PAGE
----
wcass' Compact SSK: a review, reverse engineer, teardown, geek-out.

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Techno Trousers
100,000,000 actuations

04 Jan 2019, 23:33

I'd be fine with clamping a flat PCB between F-122 plates and heating it with a hot air gun or hair dryer until it takes on the curve. IIRC, that's what I$ did for the original FSSK.

The problem with strips are the interconnects between them. Lots of potential points of failure there.

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Muirium
µ

05 Jan 2019, 00:24

True. But from what I gather the FSSK had its own problems, quite plausibly from that hand bent PCB. I’d much rather have a kit of single row PCBs, even if I had to solder connections myself, than a single costly board I had just one shot to bend. The thought of waving around a heat gun to coerce the very heart of the thing gives me shivers!

__red__

05 Jan 2019, 04:02

Hypersphere wrote: The technology has existed for some time to make roll-up musical keyboards, and now foldable phones and displays are making debuts. Should it not be possible to use the same technologies to make flexible keyboard PCBs?
I just haven't found the lack of curve to be any issue. Try it before you overcomplicate it.

But, since we're talking about overcomplication:

You can do 0.4mm PCBs which may be flexible enough without needing to be abused - it's expensive.

You can do a real, genuine flexpcb, but now you're talking real money - especially if you go to 4 layers.


Lastly - given that capacitance varies based on the distance between the plates, the dielectric, and the thickness of the copper you're going to end up with significantly different analog values at the controller. You may want to poll DMA to check with him about potential firmware changes needed to adjust the range.

It's certainly not impossible, but it'll be spendy.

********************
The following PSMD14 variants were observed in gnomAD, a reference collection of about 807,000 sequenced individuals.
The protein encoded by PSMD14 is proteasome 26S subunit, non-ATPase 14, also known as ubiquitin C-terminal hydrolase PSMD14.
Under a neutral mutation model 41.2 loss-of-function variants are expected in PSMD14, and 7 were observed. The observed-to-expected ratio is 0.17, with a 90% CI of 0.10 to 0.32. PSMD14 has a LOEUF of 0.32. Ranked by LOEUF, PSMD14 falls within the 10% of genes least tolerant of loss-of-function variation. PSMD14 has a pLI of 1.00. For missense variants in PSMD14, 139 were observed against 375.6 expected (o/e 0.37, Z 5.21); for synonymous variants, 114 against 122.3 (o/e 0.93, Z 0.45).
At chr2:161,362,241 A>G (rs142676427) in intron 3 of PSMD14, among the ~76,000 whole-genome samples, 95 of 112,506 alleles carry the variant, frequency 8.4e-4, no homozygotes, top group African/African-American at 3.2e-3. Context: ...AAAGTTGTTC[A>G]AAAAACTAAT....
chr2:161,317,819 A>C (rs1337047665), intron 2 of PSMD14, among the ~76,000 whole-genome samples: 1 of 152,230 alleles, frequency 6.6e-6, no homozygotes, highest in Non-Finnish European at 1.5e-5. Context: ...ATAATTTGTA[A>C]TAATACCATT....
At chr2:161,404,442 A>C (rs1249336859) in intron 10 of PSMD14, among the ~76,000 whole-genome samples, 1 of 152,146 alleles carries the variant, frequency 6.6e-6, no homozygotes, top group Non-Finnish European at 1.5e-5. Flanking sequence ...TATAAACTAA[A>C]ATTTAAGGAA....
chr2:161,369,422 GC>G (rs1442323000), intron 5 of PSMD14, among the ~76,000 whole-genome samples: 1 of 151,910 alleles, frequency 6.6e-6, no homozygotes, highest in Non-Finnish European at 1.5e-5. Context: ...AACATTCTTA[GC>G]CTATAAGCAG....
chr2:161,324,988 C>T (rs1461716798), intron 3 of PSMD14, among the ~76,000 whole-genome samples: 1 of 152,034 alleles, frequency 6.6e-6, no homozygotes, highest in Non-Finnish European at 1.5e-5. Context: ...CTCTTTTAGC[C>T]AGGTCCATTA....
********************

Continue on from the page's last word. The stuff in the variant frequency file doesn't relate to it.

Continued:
__red__

05 Jan 2019, 04:11

For 300x200mm (4 layer):
1 -> $300
10 -> $78
100 -> $25

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Muirium
µ

05 Jan 2019, 04:20

Easy: one CommonSense controller per row! And I name this sweet idea NonSense…

Anyway, I, for one, find spaced out caps (which were designed for a curved backplate, not a plane) to be an aesthetic and likely functional showstopper. The curve is there for a reason. Going flat transforms the character of the keyboard.

Depends how much you can stand flatness, I suppose. I like my caps cylindrical and row contoured, so, for me, IBM caps on flatness is striking to the point of a straight up no-go.

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Darkshado

05 Jan 2019, 04:59

Speaking of flexible PCBs, this popped up on my FB feed earlier today: https://blog.hackster.io/new-from-osh-p ... f343d6ebd3 I did not run the numbers for a typical keyboard though

__red__

05 Jan 2019, 05:38

Muirium wrote: Depends how much you can stand flatness, I suppose. I like my caps cylindrical and row contoured, so, for me, IBM caps on flatness is striking to the point of a straight up no-go.
To be clear, my daily driver is an F-122 at full incline so I'm pretty much typing at a 45 degree angle ;-)

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Sangdrax

05 Jan 2019, 11:35

depletedvespene wrote:
Sangdrax wrote: The only material upgrade I could imagine would be using a 4 axis mill to tool everything the same way but with the classic profile curve.
Would it be at all possible to make, for a lack of a better term, a set of PCB strips, all to be connected to the "main"
Yes. The only thing that matters is the pads themselves be aligned under the switches. You could even connect the strips via ribbon cables and then have the last strip connect to the controller. I've seen it done that way on Magnetic valve battleship boards which are just as finicky in sensing.

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Muirium
µ

05 Jan 2019, 18:29

__red__ wrote: To be clear, my daily driver is an F-122 at full incline so I'm pretty much typing at a 45 degree angle ;-)